• The hospital offered Endovascular stent-grafts for popliteal aneurysms, which is an alternative method to open surgery, early indication suggest it is safer and more effective for the patients.

  • Image guidance for endoscopic sinus and skull base surgery is used for sino-nasal tumours, revision sinus surgery and disease abutting the optic nerve, carotid artery and skull base. For patients it means safe surgery, closer to home.

  • One stop neck lump clinic. This speeds up the diagnosis of head and neck cancer by Tru-Cut biopsy solid tumours and avoids general anaesthetics in most cases, with the potential to speed up treatment.

  • The critical care complex had designed and built an attachable portable unit for the end of a patient’s bed, to prevent disruption to the patient’s care and welfare. The unit was used when patients needed to go for a computerised tomography (CT) scan or a magnetic resonance imaging (MRI).

  • A high risk birthing pool pathway was developed and implemented at the beginning of 2015. This meant that women with high risk pregnancies had the opportunity to experience the benefits of water whilst in labour. Midwives who were involved with the development of this project were selected as finalists in the Royal College of Midwives Innovation Awards 2015.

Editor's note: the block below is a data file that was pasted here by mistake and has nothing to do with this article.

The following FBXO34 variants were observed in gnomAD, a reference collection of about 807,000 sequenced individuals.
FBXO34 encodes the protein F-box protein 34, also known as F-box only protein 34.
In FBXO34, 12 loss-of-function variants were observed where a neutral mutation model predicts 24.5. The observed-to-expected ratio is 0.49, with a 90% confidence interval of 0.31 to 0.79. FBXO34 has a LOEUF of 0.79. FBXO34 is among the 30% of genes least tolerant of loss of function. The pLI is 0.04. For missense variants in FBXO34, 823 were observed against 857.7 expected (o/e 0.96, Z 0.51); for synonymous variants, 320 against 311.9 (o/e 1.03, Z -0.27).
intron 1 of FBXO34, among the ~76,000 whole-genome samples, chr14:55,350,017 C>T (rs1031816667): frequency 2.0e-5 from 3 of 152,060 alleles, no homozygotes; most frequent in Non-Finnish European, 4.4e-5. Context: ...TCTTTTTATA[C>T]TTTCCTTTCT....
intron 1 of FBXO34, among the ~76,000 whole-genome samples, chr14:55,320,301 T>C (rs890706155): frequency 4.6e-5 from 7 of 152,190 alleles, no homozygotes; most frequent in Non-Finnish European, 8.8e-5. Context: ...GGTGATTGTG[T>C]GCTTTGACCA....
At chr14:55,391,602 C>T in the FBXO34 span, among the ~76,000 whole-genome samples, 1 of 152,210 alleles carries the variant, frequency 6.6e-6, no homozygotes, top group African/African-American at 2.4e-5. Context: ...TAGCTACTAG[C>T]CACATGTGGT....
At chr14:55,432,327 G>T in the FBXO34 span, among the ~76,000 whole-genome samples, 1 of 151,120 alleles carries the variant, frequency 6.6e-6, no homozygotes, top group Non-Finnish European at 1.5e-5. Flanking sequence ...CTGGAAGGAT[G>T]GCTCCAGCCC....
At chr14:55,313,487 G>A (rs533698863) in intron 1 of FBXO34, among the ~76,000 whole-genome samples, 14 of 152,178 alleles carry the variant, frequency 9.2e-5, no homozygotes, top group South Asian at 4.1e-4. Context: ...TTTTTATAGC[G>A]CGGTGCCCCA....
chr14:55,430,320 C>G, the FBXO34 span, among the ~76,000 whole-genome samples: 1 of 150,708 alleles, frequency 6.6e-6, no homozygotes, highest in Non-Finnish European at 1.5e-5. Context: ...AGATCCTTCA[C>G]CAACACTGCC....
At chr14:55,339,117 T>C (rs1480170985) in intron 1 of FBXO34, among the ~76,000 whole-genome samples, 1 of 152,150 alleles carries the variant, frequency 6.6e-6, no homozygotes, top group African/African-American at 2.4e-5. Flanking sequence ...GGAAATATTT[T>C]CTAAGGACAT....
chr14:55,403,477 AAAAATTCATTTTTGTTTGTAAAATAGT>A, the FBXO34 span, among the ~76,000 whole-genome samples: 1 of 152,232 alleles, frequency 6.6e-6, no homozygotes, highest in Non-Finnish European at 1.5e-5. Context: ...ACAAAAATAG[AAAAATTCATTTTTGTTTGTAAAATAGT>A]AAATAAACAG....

• Dementia facilities met the needs of patients living with dementia. Facilities included a cinema area, activity tables, coloured and picture coded bays and the inclusion of the wanderguard system. Under bed lighting assisted patients to differentiate between beds and flooring at night, and reported falls had decreased since the lighting was implemented.

However, there were also areas of poor practice where the trust needs to make improvements.

Importantly, the trust must:

  • The trust must ensure patients privacy and dignity is always maintained at all times.

  • The trust must ensure all reasonable efforts are made to make sure that discussions about care and treatment only take place where they cannot be overheard.

  • The trust must ensure patients always have privacy when they receive treatment or when they used washing facilities.

  • The trust must ensure that where a person lacks capacity to make an informed decision or give consent, staff must act in accordance with the requirements of the Mental Capacity Act 2005 and associated code of practice.

  • The trust must improve the incident reporting process to ensure all incidents are reported, including those associated with staffing levels.